Finance Minister Yannis Stournaras is due to continue talks with cabinet colleagues on Tuesday after they failed on Monday to agree on the details of the cuts that need to be made for the next two years to satisfy Greece?s lenders.
Stournaras is looking for 11.5 billion euros in savings for 2013 and 2014 but was unable to hit this target following talks with several ministers. The finance minister is expected to finalize the details with department chiefs Tuesday before meeting Prime Minister Antonis Samaras, who will hold talks with fellow coalition leaders, Evangelos Venizelos of PASOK and Fotis Kouvelis of Democratic Left, Wednesday.
Samaras is also due to meet some of the ministers on Tuesday in a bid to overcome resistance to some of the cuts to their department budgets.
One of those who will meet with the premier is Interior Minister Evripidis Styliandis. He is concerned that funding for local authorities will be reduced further. Compared to 2009, central government funding for municipalities has been slashed by 62 percent. There are concerns within the ministry that more cuts could lead to basic services such as nursery schools being scrapped.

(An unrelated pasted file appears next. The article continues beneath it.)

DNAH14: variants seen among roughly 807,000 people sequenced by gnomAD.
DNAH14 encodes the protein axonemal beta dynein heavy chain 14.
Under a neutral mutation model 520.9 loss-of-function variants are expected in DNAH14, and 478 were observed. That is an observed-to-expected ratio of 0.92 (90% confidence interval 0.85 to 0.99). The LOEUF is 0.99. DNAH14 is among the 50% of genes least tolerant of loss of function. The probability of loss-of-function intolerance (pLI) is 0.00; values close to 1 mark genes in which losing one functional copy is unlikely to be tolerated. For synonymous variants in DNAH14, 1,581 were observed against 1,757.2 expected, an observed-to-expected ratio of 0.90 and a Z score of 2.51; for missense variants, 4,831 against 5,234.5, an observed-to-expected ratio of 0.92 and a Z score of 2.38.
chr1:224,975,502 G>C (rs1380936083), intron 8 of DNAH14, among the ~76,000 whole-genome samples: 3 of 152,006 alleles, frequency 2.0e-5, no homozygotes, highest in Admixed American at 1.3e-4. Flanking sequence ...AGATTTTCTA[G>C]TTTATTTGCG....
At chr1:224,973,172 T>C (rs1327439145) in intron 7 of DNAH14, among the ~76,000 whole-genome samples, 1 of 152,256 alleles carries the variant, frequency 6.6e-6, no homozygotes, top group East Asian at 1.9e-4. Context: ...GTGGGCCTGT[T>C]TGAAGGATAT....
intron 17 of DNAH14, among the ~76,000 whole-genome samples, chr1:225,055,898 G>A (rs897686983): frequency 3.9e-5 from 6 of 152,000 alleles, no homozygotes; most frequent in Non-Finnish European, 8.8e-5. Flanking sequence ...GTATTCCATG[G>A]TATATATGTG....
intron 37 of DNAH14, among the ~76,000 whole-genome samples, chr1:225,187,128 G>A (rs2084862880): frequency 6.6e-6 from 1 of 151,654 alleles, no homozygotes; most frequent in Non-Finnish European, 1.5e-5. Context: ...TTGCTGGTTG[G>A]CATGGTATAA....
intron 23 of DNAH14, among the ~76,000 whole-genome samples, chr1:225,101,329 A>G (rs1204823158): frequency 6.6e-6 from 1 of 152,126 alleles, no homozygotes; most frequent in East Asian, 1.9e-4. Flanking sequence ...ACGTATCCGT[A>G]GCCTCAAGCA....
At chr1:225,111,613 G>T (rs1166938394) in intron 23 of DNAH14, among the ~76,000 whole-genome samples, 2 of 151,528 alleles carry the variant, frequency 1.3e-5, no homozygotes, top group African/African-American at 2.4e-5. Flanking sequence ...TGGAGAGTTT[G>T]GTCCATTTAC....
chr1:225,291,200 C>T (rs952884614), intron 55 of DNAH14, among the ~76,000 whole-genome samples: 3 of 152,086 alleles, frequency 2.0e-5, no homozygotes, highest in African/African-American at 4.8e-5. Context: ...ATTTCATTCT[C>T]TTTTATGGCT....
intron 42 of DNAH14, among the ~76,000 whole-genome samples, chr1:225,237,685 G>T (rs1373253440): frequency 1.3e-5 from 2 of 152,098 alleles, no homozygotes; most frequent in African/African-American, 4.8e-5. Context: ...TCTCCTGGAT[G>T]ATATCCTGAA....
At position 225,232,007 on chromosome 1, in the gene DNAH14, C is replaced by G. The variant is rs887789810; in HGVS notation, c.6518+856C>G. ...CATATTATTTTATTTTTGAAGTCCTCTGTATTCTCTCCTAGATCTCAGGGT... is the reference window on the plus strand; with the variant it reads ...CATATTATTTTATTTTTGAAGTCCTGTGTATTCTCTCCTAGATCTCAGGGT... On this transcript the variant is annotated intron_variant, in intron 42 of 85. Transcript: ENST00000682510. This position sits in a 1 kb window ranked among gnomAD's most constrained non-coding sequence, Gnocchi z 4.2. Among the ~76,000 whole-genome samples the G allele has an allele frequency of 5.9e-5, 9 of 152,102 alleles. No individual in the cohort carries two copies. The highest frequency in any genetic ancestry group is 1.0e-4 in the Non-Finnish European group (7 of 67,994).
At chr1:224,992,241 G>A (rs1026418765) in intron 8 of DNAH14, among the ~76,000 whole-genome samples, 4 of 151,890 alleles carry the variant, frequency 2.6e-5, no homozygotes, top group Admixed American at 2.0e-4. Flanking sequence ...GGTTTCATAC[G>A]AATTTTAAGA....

Defense Minister Panos Panayiotopoulos saw Samaras Monday, when the pair discussed the possibility of avoiding cuts to the so-called ?special salaries? received by military personnel. The government is reluctant to reduce the above-average wages in the armed forces.
Further savings must be found in the health sector, where Minister Andreas Lykourentzos presented plans for the merger of some organizations but the reduction of costs was well short of the target for his department. There is also pressure on Labor Minister Yiannis Vroutsis to produce 5 billion euros in savings, 3 billion from benefits and 2 billion from pensions.
Stournaras is due to receive a report today by the Center of Planning and Economic Research (KEPE) that will outline where savings could come from. Kathimerini understands that among the proposals are to limit basic and supplementary pensions to a total of less than 2,400 euros per month, which will save 1.5 billion euros, after the drop in tax revenues is factored in. There are also plans to save 1.5 billion euros from general government spending, which includes stopping pensions for the orphaned, singled or divorced daughters of deceased judges and military officers, which would save 220 million euros, and reducing MPs pensions by 20 percent to save almost 6 million.